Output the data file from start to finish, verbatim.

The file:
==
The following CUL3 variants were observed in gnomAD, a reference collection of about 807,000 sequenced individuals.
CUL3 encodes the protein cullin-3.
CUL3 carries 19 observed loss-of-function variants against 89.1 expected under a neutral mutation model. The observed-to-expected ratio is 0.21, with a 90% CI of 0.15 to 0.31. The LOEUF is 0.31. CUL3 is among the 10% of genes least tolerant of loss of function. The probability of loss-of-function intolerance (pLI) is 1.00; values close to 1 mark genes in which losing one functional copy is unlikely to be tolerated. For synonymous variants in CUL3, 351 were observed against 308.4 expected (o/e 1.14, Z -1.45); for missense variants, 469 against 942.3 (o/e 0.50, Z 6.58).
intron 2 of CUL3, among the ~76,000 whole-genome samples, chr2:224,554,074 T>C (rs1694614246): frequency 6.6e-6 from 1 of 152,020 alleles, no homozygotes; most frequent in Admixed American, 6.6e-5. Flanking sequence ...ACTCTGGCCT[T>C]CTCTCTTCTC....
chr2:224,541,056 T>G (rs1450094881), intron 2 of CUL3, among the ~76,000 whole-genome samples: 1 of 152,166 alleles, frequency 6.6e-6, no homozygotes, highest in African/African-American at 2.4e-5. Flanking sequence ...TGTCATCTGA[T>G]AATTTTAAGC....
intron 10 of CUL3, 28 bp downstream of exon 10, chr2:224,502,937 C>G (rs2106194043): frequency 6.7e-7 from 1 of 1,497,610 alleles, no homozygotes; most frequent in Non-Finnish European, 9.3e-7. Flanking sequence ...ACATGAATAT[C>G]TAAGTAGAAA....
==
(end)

The following CUL3 variants were observed in gnomAD, a reference collection of about 807,000 sequenced individuals.
CUL3 encodes the protein cullin-3.
CUL3 carries 19 observed loss-of-function variants against 89.1 expected under a neutral mutation model. The observed-to-expected ratio is 0.21, with a 90% CI of 0.15 to 0.31. The LOEUF is 0.31. CUL3 is among the 10% of genes least tolerant of loss of function. The probability of loss-of-function intolerance (pLI) is 1.00; values close to 1 mark genes in which losing one functional copy is unlikely to be tolerated. For synonymous variants in CUL3, 351 were observed against 308.4 expected (o/e 1.14, Z -1.45); for missense variants, 469 against 942.3 (o/e 0.50, Z 6.58).
intron 2 of CUL3, among the ~76,000 whole-genome samples, chr2:224,554,074 T>C (rs1694614246): frequency 6.6e-6 from 1 of 152,020 alleles, no homozygotes; most frequent in Admixed American, 6.6e-5. Flanking sequence ...ACTCTGGCCT[T>C]CTCTCTTCTC....
chr2:224,541,056 T>G (rs1450094881), intron 2 of CUL3, among the ~76,000 whole-genome samples: 1 of 152,166 alleles, frequency 6.6e-6, no homozygotes, highest in African/African-American at 2.4e-5. Flanking sequence ...TGTCATCTGA[T>G]AATTTTAAGC....
intron 10 of CUL3, 28 bp downstream of exon 10, chr2:224,502,937 C>G (rs2106194043): frequency 6.7e-7 from 1 of 1,497,610 alleles, no homozygotes; most frequent in Non-Finnish European, 9.3e-7. Flanking sequence ...ACATGAATAT[C>G]TAAGTAGAAA....